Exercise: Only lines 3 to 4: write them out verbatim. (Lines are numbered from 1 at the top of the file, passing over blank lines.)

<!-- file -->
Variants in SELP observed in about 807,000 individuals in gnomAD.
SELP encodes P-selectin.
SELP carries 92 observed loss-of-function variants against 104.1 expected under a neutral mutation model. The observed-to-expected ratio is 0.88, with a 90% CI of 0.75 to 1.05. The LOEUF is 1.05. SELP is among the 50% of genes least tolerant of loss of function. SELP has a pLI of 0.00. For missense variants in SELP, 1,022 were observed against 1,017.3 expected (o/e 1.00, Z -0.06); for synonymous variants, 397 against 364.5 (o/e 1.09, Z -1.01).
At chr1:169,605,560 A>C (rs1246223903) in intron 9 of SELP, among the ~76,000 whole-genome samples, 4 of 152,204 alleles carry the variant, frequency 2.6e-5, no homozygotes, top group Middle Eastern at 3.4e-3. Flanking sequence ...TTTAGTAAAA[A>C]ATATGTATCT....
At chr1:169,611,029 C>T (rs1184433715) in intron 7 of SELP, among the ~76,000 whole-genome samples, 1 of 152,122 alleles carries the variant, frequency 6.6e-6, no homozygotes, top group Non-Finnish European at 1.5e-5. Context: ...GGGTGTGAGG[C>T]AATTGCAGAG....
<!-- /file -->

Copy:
SELP carries 92 observed loss-of-function variants against 104.1 expected under a neutral mutation model. The observed-to-expected ratio is 0.88, with a 90% CI of 0.75 to 1.05. The LOEUF is 1.05. SELP is among the 50% of genes least tolerant of loss of function. SELP has a pLI of 0.00. For missense variants in SELP, 1,022 were observed against 1,017.3 expected (o/e 1.00, Z -0.06); for synonymous variants, 397 against 364.5 (o/e 1.09, Z -1.01).
At chr1:169,605,560 A>C (rs1246223903) in intron 9 of SELP, among the ~76,000 whole-genome samples, 4 of 152,204 alleles carry the variant, frequency 2.6e-5, no homozygotes, top group Middle Eastern at 3.4e-3. Flanking sequence ...TTTAGTAAAA[A>C]ATATGTATCT....